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Quebec landlords want security deposits legalized: CORPIQ

A third of Quebec landlords have asked tenants for security deposits when they sign a lease, desp...

A third of Quebec landlords have asked tenants for security deposits when they sign a lease, despite the fact the province forbids the practice, according to a survey by the homeowners’ group CORPIQ (Corporation des propriétaires immobiliers du Québec, or Quebec landlords’ corporation).

CORPIQ wants security deposits legalized in Quebec.

CORPIQ wants security deposits legalized in Quebec.

CORPIQ is asking the Quebec government to legalize security deposits for apartment rentals.

Hans Brouillette, director of public affairs at CORPIQ, believes Quebec is the only jurisdiction in the Western world where it is illegal for residential property owners to ask tenants for security deposits.

 “There is no way to guarantee that the dwelling will be left in good shape by the tenant if a security deposit is not allowed,” he says.

Security deposit helps recoup losses

The survey found during the past two years 64 per cent of owners have had at least one tenant who left their apartment in bad shape.

It also found 64 per cent of owners say tenants leave the apartment in better shape when a security deposit is requested. For others, the security deposit allows them to recoup all, or at least part of, a loss.

Out of 1,484 landlords who responded to the survey, 24 per cent said they have asked tenants for money in the form of a security deposit, while 12 per cent of owners have asked for money to guarantee the return of the apartment’s keys. As well, 13 per cent have asked a tenant for payment of the last month’s rent when a lease is signed. Overall, 33 per cent of owners have asked for money in advance in one form or another.

Among the reasons owners sometimes ask for a security deposit are tenants’ lack of income, or an insufficient or non-existent credit record. As well, almost half of owners rent an apartment that includes appliances or furniture, with the risk of it being damaged or stolen.

Owners who ask for deposits tend to have had bad experiences with tenants. They’ve also lost confidence in obtaining justice and recovering their money from the rental board, says Brouillette.

Common practice in other jurisdictions

“While they know it’s illegal, owners do not consider the practice as being immoral because the security deposit helps limit illegal behaviour on the part of tenants and because security deposits are permitted everywhere else.”

While Quebec does not allow security deposits for rental housing, it is permitted in a number of other situations, CORPIQ notes, including for the rental of tools or for Bixi bike rentals in Montreal. In addition, telephone and Internet providers ask for a month’s payment in advance.

CORPIQ is asking Martin Coiteux, the Quebec minister responsible for the rental board, to change the law to allow security deposits when leases are signed.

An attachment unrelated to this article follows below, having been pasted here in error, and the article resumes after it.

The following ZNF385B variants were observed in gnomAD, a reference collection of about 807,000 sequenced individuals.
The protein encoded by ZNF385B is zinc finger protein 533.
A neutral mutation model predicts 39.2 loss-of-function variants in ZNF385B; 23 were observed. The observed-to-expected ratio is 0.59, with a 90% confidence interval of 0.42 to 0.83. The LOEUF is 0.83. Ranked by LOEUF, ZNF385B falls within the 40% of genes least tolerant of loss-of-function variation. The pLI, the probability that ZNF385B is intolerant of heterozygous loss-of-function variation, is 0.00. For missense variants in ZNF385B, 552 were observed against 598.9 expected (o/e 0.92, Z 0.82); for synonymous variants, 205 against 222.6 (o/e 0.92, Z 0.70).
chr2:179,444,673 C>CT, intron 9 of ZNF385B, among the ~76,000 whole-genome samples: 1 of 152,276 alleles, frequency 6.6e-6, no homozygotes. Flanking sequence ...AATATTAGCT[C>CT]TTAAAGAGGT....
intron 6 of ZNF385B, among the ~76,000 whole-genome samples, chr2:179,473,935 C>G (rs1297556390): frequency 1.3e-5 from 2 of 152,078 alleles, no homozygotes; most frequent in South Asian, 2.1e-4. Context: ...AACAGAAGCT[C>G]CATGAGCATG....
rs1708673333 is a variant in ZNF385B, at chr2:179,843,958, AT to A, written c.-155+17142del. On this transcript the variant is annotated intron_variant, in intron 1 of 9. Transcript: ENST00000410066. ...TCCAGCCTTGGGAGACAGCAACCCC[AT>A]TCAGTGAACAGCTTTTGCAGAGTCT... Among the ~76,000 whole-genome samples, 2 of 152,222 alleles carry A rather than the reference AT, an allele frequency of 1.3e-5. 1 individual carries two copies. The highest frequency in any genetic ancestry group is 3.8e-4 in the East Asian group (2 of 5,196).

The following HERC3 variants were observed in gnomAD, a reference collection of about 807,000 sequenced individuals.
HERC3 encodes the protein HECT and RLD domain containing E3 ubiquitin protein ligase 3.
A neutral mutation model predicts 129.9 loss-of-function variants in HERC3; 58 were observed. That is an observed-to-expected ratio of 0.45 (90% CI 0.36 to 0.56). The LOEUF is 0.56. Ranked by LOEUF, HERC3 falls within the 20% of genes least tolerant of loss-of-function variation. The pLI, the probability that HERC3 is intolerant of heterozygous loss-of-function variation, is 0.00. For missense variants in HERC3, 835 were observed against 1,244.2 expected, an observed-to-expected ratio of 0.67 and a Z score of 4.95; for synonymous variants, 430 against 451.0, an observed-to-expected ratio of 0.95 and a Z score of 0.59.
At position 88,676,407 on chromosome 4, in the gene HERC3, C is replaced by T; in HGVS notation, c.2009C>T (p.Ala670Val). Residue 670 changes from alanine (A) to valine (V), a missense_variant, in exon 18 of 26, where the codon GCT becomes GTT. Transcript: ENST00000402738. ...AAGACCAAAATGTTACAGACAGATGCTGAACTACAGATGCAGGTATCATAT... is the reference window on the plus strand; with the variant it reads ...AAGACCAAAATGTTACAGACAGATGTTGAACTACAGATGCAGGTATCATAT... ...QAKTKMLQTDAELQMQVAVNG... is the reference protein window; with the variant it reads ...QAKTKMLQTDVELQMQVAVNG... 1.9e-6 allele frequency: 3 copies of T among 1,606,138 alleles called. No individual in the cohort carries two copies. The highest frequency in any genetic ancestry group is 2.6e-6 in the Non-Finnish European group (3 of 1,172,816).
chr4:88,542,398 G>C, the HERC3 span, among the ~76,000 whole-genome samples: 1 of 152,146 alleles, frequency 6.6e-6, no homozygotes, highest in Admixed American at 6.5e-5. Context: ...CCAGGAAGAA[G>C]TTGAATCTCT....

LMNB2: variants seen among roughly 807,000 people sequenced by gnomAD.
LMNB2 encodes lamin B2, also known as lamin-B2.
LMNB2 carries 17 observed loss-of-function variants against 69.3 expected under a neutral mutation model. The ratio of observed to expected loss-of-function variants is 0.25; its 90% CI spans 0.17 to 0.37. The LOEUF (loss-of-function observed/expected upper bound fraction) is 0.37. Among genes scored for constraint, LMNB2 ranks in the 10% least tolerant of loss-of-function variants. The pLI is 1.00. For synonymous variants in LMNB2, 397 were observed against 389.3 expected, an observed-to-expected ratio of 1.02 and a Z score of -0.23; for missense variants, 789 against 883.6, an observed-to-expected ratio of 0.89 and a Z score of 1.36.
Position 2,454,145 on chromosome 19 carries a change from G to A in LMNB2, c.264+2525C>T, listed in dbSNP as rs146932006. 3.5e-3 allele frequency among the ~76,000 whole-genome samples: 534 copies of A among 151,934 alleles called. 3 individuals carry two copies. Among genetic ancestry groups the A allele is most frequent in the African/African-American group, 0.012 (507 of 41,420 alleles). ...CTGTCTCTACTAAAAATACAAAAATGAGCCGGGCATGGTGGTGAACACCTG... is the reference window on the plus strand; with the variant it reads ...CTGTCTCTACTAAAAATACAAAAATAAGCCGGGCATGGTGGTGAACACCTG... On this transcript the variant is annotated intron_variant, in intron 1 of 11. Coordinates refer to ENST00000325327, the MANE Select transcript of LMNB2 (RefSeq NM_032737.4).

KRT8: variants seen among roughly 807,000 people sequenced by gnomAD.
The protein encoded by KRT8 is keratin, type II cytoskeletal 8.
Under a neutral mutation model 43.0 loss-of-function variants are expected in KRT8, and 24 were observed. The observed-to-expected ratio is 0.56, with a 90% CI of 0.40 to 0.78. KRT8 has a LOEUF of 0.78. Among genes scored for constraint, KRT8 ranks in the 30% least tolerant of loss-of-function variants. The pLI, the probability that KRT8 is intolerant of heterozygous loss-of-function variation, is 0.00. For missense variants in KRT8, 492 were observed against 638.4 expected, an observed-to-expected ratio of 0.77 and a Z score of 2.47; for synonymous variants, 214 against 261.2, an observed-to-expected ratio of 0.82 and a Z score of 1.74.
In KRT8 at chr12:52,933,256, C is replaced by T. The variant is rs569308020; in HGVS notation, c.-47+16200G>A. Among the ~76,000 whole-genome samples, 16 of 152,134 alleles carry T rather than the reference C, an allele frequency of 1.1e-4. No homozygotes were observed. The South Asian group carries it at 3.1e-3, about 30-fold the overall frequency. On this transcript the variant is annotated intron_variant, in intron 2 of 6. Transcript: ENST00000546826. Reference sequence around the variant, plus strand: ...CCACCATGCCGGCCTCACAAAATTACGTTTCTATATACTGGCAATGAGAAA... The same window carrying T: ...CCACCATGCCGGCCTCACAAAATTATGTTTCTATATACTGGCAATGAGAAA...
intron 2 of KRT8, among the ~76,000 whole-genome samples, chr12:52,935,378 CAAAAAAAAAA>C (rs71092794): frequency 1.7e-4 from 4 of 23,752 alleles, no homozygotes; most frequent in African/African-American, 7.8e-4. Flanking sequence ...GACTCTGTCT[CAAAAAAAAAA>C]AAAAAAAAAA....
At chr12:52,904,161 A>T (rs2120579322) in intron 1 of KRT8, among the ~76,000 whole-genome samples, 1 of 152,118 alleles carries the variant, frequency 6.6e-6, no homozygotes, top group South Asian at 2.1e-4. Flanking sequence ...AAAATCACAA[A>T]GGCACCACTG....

In 2015, the former minister responsible for the rental board said the legislation would be changed. That promise was made after CORPIQ brought a petition signed by 12,000 landlords to the province’s National Assembly.

“Since it’s illegal, it’s important for us to convince the government that Quebec society would benefit if we had the right to ask for it,” Brouillette says.

$320 million lost annually: CORPIQ

Brouillette says $100 million is lost annually in damages to apartments and $220 million in unpaid rent, which translates into less tax revenue in government coffers.

CORPIQ says the Quebec government would also win by legalizing security deposits because it would reduce the 50,000 cases filed annually to the Régie du logement (rental board) for non-payment of rent or damages.

In can take two years to hold a hearing before the rental board for damages, and four months to evict a tenant for non-payment of rent, Brouillette says.

“The courts do not protect owners in Quebec – they take too long and you don’t get your money back. So landlords have had enough.”

He adds a growing number of small owners prefer to leave their apartments empty rather than rent them.

Follow Saskatchewan example

Although security deposits are frowned upon by tenants’ rights groups, Brouillette says allowing the payments would solve more problems than it will cause.

“Do tenant lobbying groups believe it’s a good thing that tenants have so much difficulty finding an apartment? If security deposits were allowed, tenants would have easier times finding an apartment.”

He suggests Quebec could follow the example of Saskatchewan, where the government guarantees the security deposit for low-income tenants. If the security deposit is legalized, it could be put in trust and would require both the landlord’s and the tenant’s signatures in order for it to be recouped.

CORPIQ has 25,000 members who are owners and managers of apartments and casinos, which in most cases are duplexes or triplexes.

The survey was conducted from June 20 to 26 with a margin of error of 2.6 per cent 19 times out of 20.



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